- Dear Abby
- Games & Puzzles
- Events & Exhibits
- Food & Drink
- Arts & Music
- Movies & TV
Groton — While visiting Electric Boat Wednesday, the Navy's senior officer reaffirmed that he wants the service to buy two submarines a year.
It's the most "effective and efficient way" to build Virginia-class submarines, Adm. Jonathan W. Greenert said, and the program is "probably our best." The only reason the Navy did not ask for a second submarine in fiscal 2014 was because of fiscal restraints, Greenert said in his first visit to the shipyard as the chief of naval operations.
"This company, these shipbuilders can get it done if we give them the work order," Greenert said while talking with reporters. "And that's the most efficient approach."
While Greenert supported keeping the Virginia-class program on track, he did not seem averse to a proposed two-year delay in the start of construction of a new class of ballistic-missile submarines, another important program for EB.
When asked about the future of the Naval Submarine Base, Greenert said the facility is valuable, but he could not say how it would fare in another round of base closings.
U.S. Rep. Joe Courtney, D-2nd District, invited Greenert and accompanied him to the base. Although the admiral, as a submarine officer, is intimately familiar with the shipyard, Courtney said, he thought an update on the submarine programs would be useful.
Greenert was briefed on the ballistic-missile submarine EB is designing to replace the Ohio-class boats. The Pentagon pushed the start date to 2021 because of strategic and fiscal concerns, Greenert said. He said he's comfortable with the decision and believes the industrial base can execute it.
The Pentagon also is calling for base closures in 2013 and again in 2015. Influential members of Congress have promised not to let the plan move forward this year, but the secretary of defense has said he will try again.
The Naval Submarine Base was nearly closed during the 2005 Defense Base Closure and Realignment process. Greenert said he couldn't say how the base would fare in a future round since it's a "very deliberate process," but he did say that the installation is valuable, particularly because of the training that takes place there.
At EB, Greenert saw pieces of a Virginia-class submarine in the early stages of construction and toured the Mississippi (SSN 782), the ninth member of the Virginia class.
The president's proposed budget calls for building one Virginia-class submarine in 2014 instead of two, and two in 2018 instead of one. Greenert thanked members of Congress, including Courtney, who are working to restore that submarine in the plans.
Mississippi, which cost about $2.6 billion, will join the fleet officially on June 2. Greenert announced while he was at the shipyard that he would accept the Mississippi on behalf of the Navy from EB nearly a year ahead of schedule.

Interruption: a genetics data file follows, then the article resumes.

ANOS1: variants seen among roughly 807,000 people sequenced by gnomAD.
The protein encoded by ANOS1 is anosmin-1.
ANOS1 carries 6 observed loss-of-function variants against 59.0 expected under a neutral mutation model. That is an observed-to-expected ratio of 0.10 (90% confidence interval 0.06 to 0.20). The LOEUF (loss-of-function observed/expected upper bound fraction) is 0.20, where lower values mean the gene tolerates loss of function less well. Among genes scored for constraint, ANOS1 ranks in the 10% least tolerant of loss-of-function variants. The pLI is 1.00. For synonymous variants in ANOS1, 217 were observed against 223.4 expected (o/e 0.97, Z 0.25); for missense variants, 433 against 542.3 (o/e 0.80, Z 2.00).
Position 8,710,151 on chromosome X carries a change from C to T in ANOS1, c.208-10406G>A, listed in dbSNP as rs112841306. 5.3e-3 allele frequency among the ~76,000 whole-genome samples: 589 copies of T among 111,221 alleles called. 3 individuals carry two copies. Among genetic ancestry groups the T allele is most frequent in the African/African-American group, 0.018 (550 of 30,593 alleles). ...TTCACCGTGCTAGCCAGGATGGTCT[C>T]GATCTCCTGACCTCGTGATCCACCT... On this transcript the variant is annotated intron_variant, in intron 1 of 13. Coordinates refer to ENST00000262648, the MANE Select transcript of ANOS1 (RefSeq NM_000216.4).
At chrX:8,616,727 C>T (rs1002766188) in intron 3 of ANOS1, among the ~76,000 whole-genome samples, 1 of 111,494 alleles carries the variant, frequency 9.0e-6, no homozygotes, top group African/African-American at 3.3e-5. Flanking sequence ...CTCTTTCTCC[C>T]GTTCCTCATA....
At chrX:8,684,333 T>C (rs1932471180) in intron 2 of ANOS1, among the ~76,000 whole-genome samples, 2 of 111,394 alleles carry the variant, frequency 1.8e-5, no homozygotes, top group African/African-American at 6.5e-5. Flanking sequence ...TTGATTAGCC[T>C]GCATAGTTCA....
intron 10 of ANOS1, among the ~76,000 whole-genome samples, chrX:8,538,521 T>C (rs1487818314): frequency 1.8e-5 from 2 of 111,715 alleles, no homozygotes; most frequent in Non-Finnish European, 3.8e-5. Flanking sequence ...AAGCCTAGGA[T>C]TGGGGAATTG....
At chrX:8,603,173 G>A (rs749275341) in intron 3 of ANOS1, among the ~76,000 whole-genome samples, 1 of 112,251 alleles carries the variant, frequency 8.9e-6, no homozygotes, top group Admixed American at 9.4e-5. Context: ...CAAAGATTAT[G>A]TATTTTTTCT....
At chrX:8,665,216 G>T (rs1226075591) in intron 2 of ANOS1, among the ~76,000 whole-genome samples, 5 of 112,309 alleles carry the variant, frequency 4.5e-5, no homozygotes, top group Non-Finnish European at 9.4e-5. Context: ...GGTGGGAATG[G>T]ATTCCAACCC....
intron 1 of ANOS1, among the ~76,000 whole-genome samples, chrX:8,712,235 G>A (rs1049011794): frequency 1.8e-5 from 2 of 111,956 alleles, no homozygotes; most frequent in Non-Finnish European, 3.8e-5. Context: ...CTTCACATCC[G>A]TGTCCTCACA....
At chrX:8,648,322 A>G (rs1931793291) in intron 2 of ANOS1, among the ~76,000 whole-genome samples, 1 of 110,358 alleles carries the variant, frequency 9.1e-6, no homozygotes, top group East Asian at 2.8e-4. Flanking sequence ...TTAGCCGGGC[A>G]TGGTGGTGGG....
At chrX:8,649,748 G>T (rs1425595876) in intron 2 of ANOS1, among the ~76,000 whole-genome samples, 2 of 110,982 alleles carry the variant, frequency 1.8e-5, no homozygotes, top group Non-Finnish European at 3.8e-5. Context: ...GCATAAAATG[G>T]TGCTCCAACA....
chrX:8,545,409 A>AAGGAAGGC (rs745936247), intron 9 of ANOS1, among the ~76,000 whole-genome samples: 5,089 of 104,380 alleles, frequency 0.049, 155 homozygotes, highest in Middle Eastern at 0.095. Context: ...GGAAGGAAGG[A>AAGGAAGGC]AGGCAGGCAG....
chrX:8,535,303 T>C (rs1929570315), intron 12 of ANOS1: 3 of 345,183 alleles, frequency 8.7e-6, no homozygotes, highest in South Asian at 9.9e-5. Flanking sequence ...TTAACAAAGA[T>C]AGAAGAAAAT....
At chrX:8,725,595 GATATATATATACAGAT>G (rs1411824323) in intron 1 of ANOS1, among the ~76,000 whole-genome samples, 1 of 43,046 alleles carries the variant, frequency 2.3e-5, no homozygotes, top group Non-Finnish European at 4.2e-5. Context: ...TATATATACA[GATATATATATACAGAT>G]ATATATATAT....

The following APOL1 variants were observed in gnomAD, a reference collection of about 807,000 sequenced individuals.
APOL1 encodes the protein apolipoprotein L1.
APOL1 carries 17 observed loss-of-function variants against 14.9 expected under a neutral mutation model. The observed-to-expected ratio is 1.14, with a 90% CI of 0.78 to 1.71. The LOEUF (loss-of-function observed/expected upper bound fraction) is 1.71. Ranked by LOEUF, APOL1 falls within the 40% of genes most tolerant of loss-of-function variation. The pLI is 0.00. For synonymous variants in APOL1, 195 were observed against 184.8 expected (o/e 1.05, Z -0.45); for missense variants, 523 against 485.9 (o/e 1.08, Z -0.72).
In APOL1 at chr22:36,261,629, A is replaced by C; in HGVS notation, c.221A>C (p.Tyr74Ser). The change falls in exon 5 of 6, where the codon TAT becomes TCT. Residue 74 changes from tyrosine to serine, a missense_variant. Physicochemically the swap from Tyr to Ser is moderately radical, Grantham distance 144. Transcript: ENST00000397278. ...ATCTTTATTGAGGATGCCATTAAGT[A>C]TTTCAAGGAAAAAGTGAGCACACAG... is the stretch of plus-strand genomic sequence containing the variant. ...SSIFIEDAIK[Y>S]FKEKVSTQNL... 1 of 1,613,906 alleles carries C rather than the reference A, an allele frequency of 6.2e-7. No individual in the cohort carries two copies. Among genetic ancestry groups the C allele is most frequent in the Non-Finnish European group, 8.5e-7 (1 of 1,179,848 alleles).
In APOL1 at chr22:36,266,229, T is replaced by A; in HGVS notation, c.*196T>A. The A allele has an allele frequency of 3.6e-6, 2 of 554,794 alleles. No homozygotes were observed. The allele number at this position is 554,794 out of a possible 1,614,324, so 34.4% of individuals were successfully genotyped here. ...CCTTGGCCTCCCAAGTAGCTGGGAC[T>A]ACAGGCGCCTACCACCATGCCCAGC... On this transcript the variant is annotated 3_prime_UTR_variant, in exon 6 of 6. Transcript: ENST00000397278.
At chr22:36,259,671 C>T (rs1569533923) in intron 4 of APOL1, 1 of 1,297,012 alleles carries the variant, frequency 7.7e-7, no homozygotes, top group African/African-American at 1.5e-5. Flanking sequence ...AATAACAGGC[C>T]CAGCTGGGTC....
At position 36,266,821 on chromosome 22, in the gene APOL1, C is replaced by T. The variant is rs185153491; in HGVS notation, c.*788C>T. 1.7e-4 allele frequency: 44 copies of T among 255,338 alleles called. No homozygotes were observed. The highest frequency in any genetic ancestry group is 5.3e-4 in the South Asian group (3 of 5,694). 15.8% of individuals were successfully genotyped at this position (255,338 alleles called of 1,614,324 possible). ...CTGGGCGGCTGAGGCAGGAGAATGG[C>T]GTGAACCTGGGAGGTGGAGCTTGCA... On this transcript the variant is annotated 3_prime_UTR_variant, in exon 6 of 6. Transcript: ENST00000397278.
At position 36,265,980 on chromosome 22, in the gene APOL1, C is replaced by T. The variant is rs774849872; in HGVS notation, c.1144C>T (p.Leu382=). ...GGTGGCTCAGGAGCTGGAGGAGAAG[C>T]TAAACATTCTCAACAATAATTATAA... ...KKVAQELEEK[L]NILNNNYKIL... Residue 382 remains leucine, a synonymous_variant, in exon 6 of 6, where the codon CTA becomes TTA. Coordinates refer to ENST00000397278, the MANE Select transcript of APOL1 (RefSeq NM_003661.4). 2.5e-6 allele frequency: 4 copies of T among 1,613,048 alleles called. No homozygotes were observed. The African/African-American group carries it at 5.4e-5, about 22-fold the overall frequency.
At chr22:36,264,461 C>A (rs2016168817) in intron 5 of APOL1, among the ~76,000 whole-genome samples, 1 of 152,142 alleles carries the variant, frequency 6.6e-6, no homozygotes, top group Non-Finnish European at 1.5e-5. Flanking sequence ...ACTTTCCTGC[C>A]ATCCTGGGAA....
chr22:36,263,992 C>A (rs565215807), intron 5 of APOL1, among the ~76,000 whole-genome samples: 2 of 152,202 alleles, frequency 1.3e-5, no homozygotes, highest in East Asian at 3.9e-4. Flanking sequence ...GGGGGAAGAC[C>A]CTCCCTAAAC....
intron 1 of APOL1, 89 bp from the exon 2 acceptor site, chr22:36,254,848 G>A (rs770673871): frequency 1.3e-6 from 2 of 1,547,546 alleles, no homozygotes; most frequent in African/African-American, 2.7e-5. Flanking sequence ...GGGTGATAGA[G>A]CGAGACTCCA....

He praised EB and Newport News Shipbuilding in Virginia, who share responsibility for building the submarines, for delivering them quickly and under budget.
It took just over 62 months to build the Mississippi — the fastest delivery to date in the program. The early delivery is a "tremendous achievement," said Capt. John McGrath, commanding officer of the Mississippi, and the crew is proud of their part in it.
Kevin J. Poitras, whose first day as EB's president was Wednesday, said Greenert's visit energized the employees and made them even more proud of their work.
Six Virginia-class submarines are currently under construction. But the Navy will decommission as many as six fast-attack submarines a year as the aging Los Angeles-class boats retire, driving the number in the fleet below the stated requirement of 48 to a low of 39 in 2030, said Rear Adm. (select) Michael Jabaley, the Navy's Virginia-class program manager.
Delivering the Virginia-class submarines efficiently shortens the amount of time below 48, Jabaley added. Last year the Navy filled only 61 percent of the combatant commanders' requests for attack submarines.
"Instead of getting them out in 86 months, like we did on the first submarine, we're getting them out in nearly 62 months," Jabaley said in an interview after Greenert's visit.
The Navy is considering keeping some of the retiring Los Angeles-class submarines that are in good shape in the fleet for an extra deployment, and occasionally deploying submarines longer than the traditional six months, Jabaley said.
Greenert said the longer deployments are a possibility for the future, but six months is "about right" because of the maintenance schedule and training for the crew.
The Navy also is reviewing a study that EB completed on design options for bringing women aboard fast-attack submarines, which are smaller than the ballistic-missile and guided-missile submarines to which the first female submariners were assigned.
Greenert did not discuss the study with reporters. Jabaley said after that EB presented an "array of options on how the ship could be reconfigured to accommodate a mixed-gender crew," which vary in cost.
Berthing is the main issue, Jabaley said, but the submarines also would need safety equipment sized for women. He said it was too soon to speculate on the cost and he did not have a projected date for when the submarines could be modified.